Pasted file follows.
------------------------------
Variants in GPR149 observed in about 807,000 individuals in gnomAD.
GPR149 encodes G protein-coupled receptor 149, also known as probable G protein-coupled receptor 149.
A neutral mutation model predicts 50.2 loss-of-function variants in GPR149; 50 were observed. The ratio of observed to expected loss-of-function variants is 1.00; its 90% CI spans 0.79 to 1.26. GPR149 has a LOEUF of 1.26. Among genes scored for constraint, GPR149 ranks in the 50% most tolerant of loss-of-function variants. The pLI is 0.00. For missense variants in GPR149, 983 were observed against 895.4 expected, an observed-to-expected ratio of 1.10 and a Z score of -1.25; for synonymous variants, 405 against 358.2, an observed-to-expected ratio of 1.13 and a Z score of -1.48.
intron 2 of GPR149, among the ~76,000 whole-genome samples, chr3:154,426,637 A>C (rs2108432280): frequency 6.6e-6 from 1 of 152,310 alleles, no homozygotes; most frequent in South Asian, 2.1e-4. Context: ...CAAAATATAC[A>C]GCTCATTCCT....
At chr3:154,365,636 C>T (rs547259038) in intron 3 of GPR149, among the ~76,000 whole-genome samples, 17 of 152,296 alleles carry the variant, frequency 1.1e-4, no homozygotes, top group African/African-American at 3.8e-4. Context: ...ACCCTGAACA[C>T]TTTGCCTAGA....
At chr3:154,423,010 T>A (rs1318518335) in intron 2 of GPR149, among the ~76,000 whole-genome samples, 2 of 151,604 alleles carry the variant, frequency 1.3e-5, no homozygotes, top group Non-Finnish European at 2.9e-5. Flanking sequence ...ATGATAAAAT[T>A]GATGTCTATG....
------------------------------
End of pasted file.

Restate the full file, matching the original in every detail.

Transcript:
Variants in GPR149 observed in about 807,000 individuals in gnomAD.
GPR149 encodes G protein-coupled receptor 149, also known as probable G protein-coupled receptor 149.
A neutral mutation model predicts 50.2 loss-of-function variants in GPR149; 50 were observed. The ratio of observed to expected loss-of-function variants is 1.00; its 90% CI spans 0.79 to 1.26. GPR149 has a LOEUF of 1.26. Among genes scored for constraint, GPR149 ranks in the 50% most tolerant of loss-of-function variants. The pLI is 0.00. For missense variants in GPR149, 983 were observed against 895.4 expected, an observed-to-expected ratio of 1.10 and a Z score of -1.25; for synonymous variants, 405 against 358.2, an observed-to-expected ratio of 1.13 and a Z score of -1.48.
intron 2 of GPR149, among the ~76,000 whole-genome samples, chr3:154,426,637 A>C (rs2108432280): frequency 6.6e-6 from 1 of 152,310 alleles, no homozygotes; most frequent in South Asian, 2.1e-4. Context: ...CAAAATATAC[A>C]GCTCATTCCT....
At chr3:154,365,636 C>T (rs547259038) in intron 3 of GPR149, among the ~76,000 whole-genome samples, 17 of 152,296 alleles carry the variant, frequency 1.1e-4, no homozygotes, top group African/African-American at 3.8e-4. Context: ...ACCCTGAACA[C>T]TTTGCCTAGA....
At chr3:154,423,010 T>A (rs1318518335) in intron 2 of GPR149, among the ~76,000 whole-genome samples, 2 of 151,604 alleles carry the variant, frequency 1.3e-5, no homozygotes, top group Non-Finnish European at 2.9e-5. Flanking sequence ...ATGATAAAAT[T>A]GATGTCTATG....